Margaretha Roosenboom proved to be exceptionally talented at a young age. When she was only 16 years old she partcipated in an exhibition of the well-known Hague artists’ group Pulchri Studio. Thanks also to sound education from her father Nicolaas Roosenboom and her famous grandfather Andreas Schelfhout she developed into one of the most important painters of flower and fruit still lifes of the 19th century.
In the mid-19th century, this genre experienced an important change: from then on, flower still lifes were composed less austerely. For Roosenboom, the older Gerardine van de Sande Bakhuyzen (1826 – 1895) was an important example. She already draped her flowers and fruit loosely on woodland soil or on a stone plinth instead of rigidly in a vase. Roosenboom was also inspired by this method of arranging. She created harmonious compositions which radiated more serenity and simplicity than flower still lifes from the 17th or early 19th century. In doing so, she often concentrated on one type of flower: usually her favourite roses. As a variation, she sometimes added fruit, or a flower in a different colour.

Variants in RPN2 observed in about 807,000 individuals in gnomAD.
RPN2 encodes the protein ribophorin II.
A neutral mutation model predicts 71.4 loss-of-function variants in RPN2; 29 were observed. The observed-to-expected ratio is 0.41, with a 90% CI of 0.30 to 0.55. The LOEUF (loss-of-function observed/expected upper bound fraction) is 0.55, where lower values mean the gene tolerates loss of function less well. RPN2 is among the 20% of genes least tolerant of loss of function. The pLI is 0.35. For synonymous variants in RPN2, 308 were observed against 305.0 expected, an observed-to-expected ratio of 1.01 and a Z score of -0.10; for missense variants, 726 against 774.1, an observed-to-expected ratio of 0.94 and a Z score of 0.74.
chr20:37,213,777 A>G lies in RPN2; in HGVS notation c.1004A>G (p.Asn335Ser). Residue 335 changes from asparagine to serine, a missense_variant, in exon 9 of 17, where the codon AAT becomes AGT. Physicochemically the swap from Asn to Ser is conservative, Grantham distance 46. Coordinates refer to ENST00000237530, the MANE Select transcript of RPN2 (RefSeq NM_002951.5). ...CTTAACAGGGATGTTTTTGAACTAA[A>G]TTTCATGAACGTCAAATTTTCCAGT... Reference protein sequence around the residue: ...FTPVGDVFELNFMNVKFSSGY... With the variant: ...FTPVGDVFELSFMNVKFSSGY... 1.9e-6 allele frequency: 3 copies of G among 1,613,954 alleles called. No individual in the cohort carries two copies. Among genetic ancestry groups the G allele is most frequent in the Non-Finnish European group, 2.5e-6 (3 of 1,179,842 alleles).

In contrast to the works by Van de Sande Bakhuyzen, a larger influence from Impressionism is apparent in the works by Roosenboom. Due to the looser technique, the colour transitions became softer and less defined. This was further enhanced in her watercolours. To paint in watercolour is perhaps even more difficult than to paint in oil. The brushstrokes have to be perfect the first time and, unlike painting in oil, they cannot be corrected. Furthermore, watercolour is transparent and is applied to paper. Roosenboom was extremely skilled in this technique.
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